Tuesday, 28 May 2013

Sayonara, the Tokyu 8090 Series

EMU Tokyu 8090 series arrives at Mizonokuchi Station in the rain (May, 2012)

Tokyu has been working hard to reorganize their railway network for the last few decades. For instance, the Mekama Line was broken up into two routes, namely the Meguro Line and the Tamagawa Line in 2000. The Meguro Line was, then, connected with the Subway Namboku and Mita lines at Meguro Station.

Tokyu also reorganized the Toyoko Line on March 16th of this year (see my blog on March 20th, 2013). Its Shibuya Station was moved from the surface to underground. As a result, the Toyoko Line trains have started to be operated directly into the Subway Fukutoshin Line through the new Shibuya station. These actions are based on Tokyu's strategy to create a strong urban railway network to secure passengers even in the current competitive business environment.

Operation of the rolling stock on the Tokyu lines has also been affected by the reorganizing of the network. Recently, the EMU 8090 series has been retired from the Ooimachi Line. In consequence, all the 8090 series trains have disappeared from the Tokyu lines. I liked the 8090 series as its body was round-faced, more properly, swelling toward the bottom (see the top photo).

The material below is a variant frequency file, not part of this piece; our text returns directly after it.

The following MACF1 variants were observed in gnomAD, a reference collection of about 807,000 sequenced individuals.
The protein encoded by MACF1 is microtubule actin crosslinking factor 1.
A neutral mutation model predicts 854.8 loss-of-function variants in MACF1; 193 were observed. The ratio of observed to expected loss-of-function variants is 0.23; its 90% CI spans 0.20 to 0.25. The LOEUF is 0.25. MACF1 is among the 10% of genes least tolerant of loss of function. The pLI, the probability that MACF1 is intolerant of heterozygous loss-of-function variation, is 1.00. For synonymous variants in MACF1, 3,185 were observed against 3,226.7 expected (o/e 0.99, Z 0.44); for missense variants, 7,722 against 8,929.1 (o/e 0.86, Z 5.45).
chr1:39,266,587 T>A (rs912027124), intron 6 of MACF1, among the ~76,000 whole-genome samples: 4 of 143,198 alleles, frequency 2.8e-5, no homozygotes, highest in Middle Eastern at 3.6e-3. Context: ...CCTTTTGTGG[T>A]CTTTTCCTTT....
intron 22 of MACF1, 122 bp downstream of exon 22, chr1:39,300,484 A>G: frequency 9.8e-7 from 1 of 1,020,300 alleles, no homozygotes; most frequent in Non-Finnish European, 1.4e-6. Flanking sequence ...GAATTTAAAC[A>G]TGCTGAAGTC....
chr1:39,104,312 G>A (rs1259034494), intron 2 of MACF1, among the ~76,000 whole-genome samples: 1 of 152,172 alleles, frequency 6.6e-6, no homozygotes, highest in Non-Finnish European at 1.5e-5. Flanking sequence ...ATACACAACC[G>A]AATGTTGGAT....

Sayonara (good-bye), the Tokyu 8090 series; but, don't worry. The 8090 series are tough and will survive. Changing its name to the 7500 series, the 8090 series have been moved to the Chichibu Railway in Saitama Prefecture (see the following picture). Green colored stripes of the new Chichibu 7500 series are also attractive for me.

Rail fans are people who are always getting into a fuss about the moves of trains.

EMU Chichibu 7500 series (ex-Tokyu 8090 series) arrives at Oyahana Station (June, 2012)